Some things might’ve changed in the last 40 years but ‘it’s still the same sun’

Tuesday 17 November, 2020

Sid Seagull and the 5 sun protection messages: slip, slop, slap, seek, slide

We might stream music rather than create mixed tapes, and skivvies may not be quite as cool but there’s one thing that hasn’t changed. The sun and dangers of UV.

This year, to mark the start of National Skin Cancer Action Week (15–21 November), Cancer Council has launched It’s still the same sun, a campaign designed to remind adults and parents of young children that the need for sun protection is just as important now as it was back when Sid the Seagull first graced our living rooms.

It’s still the same sun plays on the nostalgia of the famous Slip, Slop, Slap catch-cry from the 80s and encourages Victorians to brush up their sun protection habits.

The campaign comes off the back of new data from the  2019 Summer Sun Protection Survey (Life in Australia™)  which showed sun protection habits for 25–44 year olds were slipping with one in four getting sunburnt on summer weekends. Results also showed this age group were still seeking a suntan, with 43%saying they like to get a tan, a sign of harmful UV damage.

Head of SunSmart Heather Walker said the data was worrying given many within the 25–44 year old age bracket are parents with young families. 

“95% of skin cancers are the result of exposure to UV. And children are particularly vulnerable with the early years being critical periods where sun exposure can determine to a large extent the lifetime potential for skin cancer.” – Heather Walker, Head of SunSmart

Mum of two Brydie Hepworth knows all too well the dangers of UV.

Brydie spent many of her childhood summers with extended time in the sun by the family pool. Despite often using sun protection she recalls several bad sunburns as a child after getting caught out on overcast days. She also claims to have been a sun seeker as a teenager attempting to tan with her friends for years.

Brydie with her mum and her sister
Brydie (left) with her mum and her sister

In 2018 Brydie was diagnosed with an early stage melanoma on her back. In what Brydie says was a very stressful period of her life, a plastic surgeon was required to remove the melanoma within days of her diagnosis. Although the melanoma was caught early, she now has an 8cm scar on her back after wide margins were necessary to ensure the entire skin cancer was removed.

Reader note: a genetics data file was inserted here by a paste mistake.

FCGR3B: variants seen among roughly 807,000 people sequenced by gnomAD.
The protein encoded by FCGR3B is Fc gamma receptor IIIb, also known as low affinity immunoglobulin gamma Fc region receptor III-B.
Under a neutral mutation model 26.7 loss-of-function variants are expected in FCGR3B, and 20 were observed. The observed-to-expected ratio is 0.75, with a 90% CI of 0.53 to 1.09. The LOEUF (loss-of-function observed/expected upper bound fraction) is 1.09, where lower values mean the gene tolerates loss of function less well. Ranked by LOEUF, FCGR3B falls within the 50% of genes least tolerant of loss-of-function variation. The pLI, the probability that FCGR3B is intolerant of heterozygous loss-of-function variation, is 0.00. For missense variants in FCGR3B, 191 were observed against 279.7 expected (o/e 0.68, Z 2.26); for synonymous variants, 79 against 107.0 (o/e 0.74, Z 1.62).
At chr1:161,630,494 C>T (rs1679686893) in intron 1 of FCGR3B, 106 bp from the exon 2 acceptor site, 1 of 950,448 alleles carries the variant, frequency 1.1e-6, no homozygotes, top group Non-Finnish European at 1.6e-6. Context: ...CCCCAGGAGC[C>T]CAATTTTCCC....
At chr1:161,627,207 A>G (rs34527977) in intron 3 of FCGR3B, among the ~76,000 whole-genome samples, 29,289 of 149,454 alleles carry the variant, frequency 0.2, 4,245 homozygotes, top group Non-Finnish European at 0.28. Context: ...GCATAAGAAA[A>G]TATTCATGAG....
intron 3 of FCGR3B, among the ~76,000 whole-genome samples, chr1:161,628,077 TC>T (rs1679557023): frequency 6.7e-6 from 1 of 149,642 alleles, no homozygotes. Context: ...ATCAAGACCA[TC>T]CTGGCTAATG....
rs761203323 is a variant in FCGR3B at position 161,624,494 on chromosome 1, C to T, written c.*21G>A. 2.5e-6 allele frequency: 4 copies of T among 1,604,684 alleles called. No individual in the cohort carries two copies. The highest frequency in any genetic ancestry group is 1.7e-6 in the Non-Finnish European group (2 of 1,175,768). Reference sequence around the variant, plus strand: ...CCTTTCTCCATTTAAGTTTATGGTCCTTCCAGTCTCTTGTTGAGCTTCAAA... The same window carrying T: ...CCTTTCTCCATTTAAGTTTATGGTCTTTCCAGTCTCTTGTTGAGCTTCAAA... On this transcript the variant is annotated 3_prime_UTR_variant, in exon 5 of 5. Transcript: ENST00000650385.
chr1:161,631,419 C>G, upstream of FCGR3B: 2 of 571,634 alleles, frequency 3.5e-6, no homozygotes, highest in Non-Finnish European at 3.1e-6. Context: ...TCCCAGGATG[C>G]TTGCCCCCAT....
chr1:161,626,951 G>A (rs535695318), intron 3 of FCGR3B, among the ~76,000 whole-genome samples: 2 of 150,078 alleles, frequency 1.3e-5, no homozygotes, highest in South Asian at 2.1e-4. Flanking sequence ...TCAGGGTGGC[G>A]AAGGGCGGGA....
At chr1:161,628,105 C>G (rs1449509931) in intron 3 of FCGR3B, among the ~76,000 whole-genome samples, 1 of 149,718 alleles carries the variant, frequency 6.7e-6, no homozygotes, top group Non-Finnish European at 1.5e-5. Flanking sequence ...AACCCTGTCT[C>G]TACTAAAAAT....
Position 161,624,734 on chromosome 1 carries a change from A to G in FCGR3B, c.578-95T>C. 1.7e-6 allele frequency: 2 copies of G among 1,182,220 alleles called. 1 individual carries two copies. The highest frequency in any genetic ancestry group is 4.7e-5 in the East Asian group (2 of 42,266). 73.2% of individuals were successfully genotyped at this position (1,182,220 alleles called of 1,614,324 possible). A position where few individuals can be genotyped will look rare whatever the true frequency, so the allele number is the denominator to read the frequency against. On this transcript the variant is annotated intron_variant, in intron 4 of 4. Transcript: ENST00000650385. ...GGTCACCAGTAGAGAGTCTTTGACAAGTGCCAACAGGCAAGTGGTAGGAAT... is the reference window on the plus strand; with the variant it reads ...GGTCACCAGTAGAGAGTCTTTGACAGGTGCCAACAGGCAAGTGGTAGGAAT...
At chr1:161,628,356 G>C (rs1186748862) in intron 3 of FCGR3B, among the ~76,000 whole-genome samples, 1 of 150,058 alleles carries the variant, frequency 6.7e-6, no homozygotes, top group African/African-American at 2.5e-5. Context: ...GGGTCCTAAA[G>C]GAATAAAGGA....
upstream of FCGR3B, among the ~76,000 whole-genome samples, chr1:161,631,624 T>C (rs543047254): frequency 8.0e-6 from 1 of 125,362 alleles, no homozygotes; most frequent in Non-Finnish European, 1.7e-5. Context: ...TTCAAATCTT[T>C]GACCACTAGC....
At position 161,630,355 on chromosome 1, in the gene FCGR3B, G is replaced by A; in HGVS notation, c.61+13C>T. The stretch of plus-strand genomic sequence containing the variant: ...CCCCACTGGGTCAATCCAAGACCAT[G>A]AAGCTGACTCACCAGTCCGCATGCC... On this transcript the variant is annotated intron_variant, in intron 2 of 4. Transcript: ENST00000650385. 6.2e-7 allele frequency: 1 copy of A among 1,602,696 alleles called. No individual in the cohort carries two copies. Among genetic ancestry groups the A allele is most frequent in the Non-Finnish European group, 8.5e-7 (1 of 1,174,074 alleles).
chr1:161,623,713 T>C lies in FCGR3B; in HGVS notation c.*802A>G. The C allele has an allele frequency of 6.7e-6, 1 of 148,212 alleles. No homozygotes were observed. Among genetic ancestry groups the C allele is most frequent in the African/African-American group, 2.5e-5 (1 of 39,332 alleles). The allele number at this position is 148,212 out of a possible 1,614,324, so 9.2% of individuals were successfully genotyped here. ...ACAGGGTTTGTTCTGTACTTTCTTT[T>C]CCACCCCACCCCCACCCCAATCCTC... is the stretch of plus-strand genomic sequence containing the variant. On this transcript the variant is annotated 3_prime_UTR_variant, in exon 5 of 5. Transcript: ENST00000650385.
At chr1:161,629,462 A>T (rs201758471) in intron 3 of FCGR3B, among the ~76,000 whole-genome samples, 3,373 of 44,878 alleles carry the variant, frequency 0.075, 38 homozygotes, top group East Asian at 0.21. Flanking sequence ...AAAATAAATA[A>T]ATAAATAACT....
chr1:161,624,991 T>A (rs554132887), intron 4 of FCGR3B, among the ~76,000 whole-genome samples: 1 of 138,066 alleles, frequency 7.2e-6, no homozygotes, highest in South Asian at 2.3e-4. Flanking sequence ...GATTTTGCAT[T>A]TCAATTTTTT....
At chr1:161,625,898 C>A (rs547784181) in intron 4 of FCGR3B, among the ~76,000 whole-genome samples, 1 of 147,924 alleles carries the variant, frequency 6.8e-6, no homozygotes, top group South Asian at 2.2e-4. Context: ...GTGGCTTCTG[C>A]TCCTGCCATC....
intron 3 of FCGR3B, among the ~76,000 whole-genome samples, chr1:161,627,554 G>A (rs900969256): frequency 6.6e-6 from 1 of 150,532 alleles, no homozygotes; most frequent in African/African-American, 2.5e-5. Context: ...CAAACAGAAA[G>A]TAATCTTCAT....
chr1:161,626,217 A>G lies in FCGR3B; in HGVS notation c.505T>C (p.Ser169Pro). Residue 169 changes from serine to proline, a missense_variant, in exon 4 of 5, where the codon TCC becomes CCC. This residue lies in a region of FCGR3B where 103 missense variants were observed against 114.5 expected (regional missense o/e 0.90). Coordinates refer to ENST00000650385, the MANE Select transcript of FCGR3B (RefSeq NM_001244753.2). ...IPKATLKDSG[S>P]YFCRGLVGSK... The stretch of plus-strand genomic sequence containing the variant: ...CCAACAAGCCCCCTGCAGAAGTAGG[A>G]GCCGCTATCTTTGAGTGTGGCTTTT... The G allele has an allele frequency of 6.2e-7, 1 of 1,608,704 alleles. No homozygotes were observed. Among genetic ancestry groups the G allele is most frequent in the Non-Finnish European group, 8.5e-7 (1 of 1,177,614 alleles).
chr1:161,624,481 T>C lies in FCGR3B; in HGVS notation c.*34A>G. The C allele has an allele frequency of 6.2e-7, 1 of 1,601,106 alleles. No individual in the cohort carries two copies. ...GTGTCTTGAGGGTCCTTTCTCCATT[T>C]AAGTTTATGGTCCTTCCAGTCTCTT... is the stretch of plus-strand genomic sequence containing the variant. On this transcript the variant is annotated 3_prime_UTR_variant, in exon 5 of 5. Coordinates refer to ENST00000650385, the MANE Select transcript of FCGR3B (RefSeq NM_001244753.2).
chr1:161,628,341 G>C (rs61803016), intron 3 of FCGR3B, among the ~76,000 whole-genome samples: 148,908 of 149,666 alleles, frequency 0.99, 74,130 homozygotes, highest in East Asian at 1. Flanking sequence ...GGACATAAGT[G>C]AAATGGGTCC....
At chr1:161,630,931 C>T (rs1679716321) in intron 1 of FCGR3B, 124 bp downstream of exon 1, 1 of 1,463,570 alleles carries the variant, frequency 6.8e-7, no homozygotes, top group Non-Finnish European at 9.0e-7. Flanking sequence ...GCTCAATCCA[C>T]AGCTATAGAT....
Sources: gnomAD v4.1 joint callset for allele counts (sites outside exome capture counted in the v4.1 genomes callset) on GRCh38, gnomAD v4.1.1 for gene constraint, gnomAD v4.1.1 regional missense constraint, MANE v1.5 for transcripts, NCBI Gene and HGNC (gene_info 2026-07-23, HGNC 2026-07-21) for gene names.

“Growing up I hated wearing a t-shirt while swimming and having to always apply sunscreen. But now I’m grateful to my parents. I just wish I could tell that 15 year-old me that getting a tan is not worth the risk of a melanoma." – Brydie Hepworth, mum

Today, Brydie is very aware of the importance of using good sun protection and prides herself on role modelling good habits for her two boys.

“Knowing what I know now about sun protection has changed my daily habits. I will always wear a hat, rash vest and sunscreen and ensure my boys are well protected. I don’t want them to carry the same risk of getting skin cancer that I do.”

Ms Walker said with the UV high and climbing, she hoped other Victorians would take steps to reduce the risk of skin cancer for themselves and their families the way Brydie has.

“In 2019 over 2,800 Victorians were diagnosed with the deadliest form of skin cancer, melanoma. But despite its prevalence, skin cancer is also almost entirely preventable.

“We know children look to parents and other adults and copy what they see. We are all role models to someone and we hope that It’s still the same sun resonates with Victorian adults and prompts them to remember to slip, slop, slap, seek and slide when the UV is 3 and above,” she said.

Visit  sunsmart.com.au for tips on how to protect yourself and your family.